Goodbye to "Two and a Half Men," TV's grossest show

It was raunchy and depicted sex as scary -- all at once. Here are a few of the show's lowest moments

Published May 14, 2014 5:04PM (EDT)

Charlie Sheen awaits the grim specter of death on "Two and a Half Men."
Charlie Sheen awaits the grim specter of death on "Two and a Half Men."

The upcoming 12th -- 12th! -- season of "Two and a Half Men" will be the show's last, as the one-time Charlie Sheen vehicle limps off CBS's air to make room for something new. Its impact will be felt, though: "Two and a Half Men," which was nominated for the best comedy Emmy three times, was a pioneer in the field of TV raunch. The series helped make broadcast television even safer than it had been for truly gross comedy -- comedy, indeed, whose grossness was the very point. Created by CBS super-producer Chuck Lorre, the sitcom helped set the standard for the network, which now features "Two Broke Girls'" much-remarked-upon casual racism as well as the general bawdiness of shows including "Mom" and "The Millers."

Here are a few of the show's many low points.

Though the series got praise for its portrayal of a lesbian character -- played by Amber Tamblyn, who subbed in for departed young cast member Angus T. Jones as the "half man," strangely -- the video embedded in this Advocate piece showcases the sitcom's inherent regressiveness, depicting a transgender woman as out to trick a straight man into having sex with her. (Surprise!) But more jarring is the show's  plain unsavoriness. Jon Cryer's character makes a series of puns about sex equated to investment banking, despite how little we want to think about Cryer's, well, deposits, while Tamblyn "breast-feeds" at the other end of the bar. Ick! That the preceding link largely praises "Two and a Half Men" as not that bad just shows how low the standards were.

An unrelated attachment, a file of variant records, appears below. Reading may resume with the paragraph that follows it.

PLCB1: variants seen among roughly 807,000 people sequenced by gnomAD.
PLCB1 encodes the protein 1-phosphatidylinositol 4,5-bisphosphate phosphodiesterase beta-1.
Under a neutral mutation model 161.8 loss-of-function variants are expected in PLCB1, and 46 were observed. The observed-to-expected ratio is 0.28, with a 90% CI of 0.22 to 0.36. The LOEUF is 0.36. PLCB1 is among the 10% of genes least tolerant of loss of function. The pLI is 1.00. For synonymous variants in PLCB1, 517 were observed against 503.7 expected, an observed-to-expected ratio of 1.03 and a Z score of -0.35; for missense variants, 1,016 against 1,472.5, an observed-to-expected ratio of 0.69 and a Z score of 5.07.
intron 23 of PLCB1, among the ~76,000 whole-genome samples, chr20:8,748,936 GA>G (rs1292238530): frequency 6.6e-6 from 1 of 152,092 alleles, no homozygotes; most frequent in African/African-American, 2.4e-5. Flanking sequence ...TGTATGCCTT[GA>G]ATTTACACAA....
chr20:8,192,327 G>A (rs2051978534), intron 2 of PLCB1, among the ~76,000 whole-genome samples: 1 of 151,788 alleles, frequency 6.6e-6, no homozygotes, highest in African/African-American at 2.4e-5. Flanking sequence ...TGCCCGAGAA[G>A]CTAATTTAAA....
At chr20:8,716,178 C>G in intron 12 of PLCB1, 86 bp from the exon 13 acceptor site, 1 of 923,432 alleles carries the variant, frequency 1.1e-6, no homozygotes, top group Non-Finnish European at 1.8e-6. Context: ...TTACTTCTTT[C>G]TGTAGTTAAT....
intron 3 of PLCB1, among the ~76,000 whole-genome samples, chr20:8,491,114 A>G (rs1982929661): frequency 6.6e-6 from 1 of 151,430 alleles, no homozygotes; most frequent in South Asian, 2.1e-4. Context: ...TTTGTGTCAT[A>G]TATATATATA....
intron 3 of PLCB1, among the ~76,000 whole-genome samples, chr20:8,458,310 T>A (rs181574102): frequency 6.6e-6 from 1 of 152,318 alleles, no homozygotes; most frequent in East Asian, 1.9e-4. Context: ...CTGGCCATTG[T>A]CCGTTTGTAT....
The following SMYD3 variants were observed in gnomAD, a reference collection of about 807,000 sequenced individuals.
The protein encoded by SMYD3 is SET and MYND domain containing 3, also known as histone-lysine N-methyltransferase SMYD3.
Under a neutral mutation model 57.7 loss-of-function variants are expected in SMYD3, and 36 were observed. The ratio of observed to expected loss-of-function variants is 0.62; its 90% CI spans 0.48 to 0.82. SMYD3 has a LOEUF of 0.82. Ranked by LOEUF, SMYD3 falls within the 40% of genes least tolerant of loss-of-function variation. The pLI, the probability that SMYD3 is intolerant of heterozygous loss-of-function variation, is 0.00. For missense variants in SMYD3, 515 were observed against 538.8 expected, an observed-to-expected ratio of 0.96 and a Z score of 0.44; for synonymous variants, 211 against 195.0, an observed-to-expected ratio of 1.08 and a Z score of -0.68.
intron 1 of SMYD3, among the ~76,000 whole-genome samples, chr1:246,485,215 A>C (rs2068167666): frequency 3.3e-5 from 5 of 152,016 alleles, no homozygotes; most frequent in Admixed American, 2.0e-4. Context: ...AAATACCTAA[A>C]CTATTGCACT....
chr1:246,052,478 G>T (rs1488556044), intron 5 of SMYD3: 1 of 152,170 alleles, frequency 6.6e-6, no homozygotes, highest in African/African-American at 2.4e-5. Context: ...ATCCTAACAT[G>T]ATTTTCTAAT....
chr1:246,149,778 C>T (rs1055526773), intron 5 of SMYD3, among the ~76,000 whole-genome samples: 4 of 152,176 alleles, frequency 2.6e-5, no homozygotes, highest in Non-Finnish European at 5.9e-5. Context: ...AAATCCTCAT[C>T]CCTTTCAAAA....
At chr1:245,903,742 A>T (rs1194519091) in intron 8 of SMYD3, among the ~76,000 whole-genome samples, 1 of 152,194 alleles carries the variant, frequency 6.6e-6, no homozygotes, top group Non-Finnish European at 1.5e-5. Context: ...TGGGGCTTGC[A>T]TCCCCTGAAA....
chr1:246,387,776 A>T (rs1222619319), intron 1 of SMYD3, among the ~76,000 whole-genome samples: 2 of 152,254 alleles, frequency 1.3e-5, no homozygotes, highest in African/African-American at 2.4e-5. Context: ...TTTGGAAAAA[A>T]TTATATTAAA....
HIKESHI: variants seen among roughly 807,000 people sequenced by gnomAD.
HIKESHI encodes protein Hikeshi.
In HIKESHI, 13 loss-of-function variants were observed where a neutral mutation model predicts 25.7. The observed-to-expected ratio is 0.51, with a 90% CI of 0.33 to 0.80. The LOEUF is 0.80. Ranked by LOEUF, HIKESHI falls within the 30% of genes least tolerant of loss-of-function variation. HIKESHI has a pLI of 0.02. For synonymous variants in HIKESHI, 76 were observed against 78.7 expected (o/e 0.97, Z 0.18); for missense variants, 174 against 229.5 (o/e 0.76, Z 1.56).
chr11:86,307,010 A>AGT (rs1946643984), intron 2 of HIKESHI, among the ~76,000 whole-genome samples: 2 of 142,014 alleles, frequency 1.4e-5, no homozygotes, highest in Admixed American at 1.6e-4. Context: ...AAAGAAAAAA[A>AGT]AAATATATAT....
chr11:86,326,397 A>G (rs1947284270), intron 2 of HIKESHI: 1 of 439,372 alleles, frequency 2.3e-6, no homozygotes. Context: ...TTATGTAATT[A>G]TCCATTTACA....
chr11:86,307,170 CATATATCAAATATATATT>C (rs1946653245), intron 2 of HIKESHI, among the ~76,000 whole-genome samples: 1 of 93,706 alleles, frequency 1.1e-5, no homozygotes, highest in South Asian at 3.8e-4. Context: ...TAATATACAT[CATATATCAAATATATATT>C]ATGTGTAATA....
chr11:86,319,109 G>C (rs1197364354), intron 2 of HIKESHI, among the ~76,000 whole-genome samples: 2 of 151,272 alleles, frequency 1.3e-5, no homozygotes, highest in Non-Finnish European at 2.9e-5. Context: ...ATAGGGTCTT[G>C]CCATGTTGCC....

Ashton Kutcher, the current star of the series, is fully 16 years older than Miley Cyrus. But Cyrus' guest role on the show allowed Kutcher to ogle the pop singer as she "popped the girls out" for some nude sunbathing.


After Charlie Sheen departed the series following his much-publicized breakdown, his character was killed off. Then female characters in tight black dresses attended a funeral just so they could list the STDs Sheen's character gave them. Turns out you can say "vaginal warts" on broadcast TV! Also, after 177 episodes, that the best the show could do to memorialize its star was depict him as a carrier of genital maladies said something more than just the writers' personal disdain for Sheen.

The list goes on -- jokes about a teenager's erection when he meets a character played by Jenny McCarthy, or women and the spooky harridans they are.

What's most striking about "Two and a Half Men's" raunchiness is how mindless it is. A well-told dirty joke can be a lot of fun -- and openness about sexuality is generally a very positive trait -- but Tamblyn's character remarking that a conquest "sucks in bed -- and not in a good way" feels, more than anything, unearned. "Two and a Half Men" portrayed sex as a constant war between men and women, all of whom were out to trick one another into sleeping together and all of whom spoke frankly to the point of vulgarity. "Two and a Half Men" wasn't full of sex jokes because it was sex-positive, it was because sex, to its writers, was something weird and scary! That's what fueled Charlie's nihilistic worldview -- and the show's success.

By Daniel D'Addario

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Amber Tamblyn Charlie Sheen Jon Cryer Miley Cyrus Two And A Half Men Video